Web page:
Tharus, Muslims to be separated from Madhesi clusterRepresentation under the “Madhesi” category could be reduced in the federal parliament as the proposed bill on the Election to the House of Representatives seeks to separate the Tharu and Muslim communities from the group.
Representation under the “Madhesi” category could be reduced in the federal parliament as the proposed bill on the Election to the House of Representatives seeks to separate the Tharu and Muslim communities from the group.
The Madhesi community will get reservation for 20.9 percent representation under the proportional system, down from 31.9 percent in the Constituent Assembly elections when Madhesis, Tharus and Muslims were clubbed under a single category.
According to the latest census, the Tharus account for 6.6 percent of the country’s population while the Muslims make 4.4 percent of it. This means the Madhesi group will be smaller by 11 percent.
The census had categorised Tharus as Madhesis/Tarai Janajatis along with 11 other ethnic groups living in the plains.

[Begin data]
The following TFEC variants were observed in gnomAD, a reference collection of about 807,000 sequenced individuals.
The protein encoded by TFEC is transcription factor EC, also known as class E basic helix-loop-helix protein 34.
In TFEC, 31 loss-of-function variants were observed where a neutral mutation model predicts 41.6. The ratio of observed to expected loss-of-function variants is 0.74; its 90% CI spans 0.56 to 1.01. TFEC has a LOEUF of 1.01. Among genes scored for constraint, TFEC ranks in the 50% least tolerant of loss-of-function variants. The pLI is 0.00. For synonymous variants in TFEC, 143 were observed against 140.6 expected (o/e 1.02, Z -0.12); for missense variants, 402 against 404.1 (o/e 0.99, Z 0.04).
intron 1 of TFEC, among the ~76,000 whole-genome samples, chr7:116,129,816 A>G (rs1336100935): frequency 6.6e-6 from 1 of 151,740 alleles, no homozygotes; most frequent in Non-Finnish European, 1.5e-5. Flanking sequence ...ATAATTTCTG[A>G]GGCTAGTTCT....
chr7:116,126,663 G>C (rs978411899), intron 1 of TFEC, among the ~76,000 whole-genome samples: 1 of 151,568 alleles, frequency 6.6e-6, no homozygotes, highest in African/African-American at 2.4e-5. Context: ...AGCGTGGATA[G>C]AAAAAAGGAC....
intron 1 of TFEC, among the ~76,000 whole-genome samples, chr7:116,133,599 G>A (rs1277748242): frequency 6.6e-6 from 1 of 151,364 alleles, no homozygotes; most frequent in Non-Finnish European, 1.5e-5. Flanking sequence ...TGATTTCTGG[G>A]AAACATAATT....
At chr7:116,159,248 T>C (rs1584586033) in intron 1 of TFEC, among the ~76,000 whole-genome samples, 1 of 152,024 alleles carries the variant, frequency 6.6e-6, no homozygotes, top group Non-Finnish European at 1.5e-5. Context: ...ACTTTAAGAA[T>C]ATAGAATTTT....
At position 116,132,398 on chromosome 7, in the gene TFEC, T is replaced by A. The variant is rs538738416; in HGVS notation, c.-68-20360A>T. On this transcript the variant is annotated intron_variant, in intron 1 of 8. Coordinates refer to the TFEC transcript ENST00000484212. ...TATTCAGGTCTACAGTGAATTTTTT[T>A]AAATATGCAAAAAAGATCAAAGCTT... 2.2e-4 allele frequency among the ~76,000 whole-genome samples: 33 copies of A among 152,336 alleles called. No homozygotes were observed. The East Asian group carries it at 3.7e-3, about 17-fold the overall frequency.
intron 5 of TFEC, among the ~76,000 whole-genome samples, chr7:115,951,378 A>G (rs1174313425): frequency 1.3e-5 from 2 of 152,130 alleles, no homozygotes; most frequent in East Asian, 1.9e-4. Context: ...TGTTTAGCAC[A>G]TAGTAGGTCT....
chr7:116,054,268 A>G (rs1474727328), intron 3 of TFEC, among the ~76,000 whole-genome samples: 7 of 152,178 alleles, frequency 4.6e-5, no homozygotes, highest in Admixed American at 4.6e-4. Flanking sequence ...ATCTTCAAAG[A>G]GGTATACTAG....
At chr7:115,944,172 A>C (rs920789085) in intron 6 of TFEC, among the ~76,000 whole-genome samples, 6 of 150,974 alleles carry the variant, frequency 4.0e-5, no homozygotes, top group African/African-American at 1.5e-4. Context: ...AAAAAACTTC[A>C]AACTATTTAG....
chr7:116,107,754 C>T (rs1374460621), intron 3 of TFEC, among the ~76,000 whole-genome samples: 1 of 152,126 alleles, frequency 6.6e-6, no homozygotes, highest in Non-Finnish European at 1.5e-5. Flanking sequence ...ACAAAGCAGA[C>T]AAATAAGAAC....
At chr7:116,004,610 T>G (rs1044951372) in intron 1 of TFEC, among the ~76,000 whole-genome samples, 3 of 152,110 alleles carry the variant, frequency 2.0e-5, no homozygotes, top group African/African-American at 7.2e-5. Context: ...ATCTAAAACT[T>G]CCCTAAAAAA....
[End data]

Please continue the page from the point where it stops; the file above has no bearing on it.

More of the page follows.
The bill has been forwarded to the Home Ministry. The EC will move towards holding the elections for provincial and federal parliaments after the local elections are over.
“We prepared the bill creating separate clusters for Tharus and Muslims in line with the new constitution,” said a senior EC official.
The new constitution says the representation will be ensured on the basis of a closed list of candidates comprising women, Dalits, indigenous peoples, Khas-Aryas, Madhesis, Tharus, Muslims and backward region residents, on the basis of population.
A federal law should ensure such representation while allocating seats under the proportional electoral system in the House of Representatives, according to the constitution.
The Interim Constitution (2007) had a provision that political parties should ensure proportional representation of women, Dalits, oppressed communities/indigenous
peoples, backward region residents, Madhesis, Tharus and Muslims.
“The new constitution is more progressive for the Muslim community as it has given them a distinct identity,” said Farmullah Mansoor, a lawmaker from the Nepali Congress. “This is expected to ensure higher representation of Muslims in Parliament.”
Upendra Yadav, chairman of the Sanghiya Samajbadi Forum Nepal, however, suspects it to be a “divide and rule” strategy of the country’s establishment. He says “all the people who live in Madhes are Madhesis”.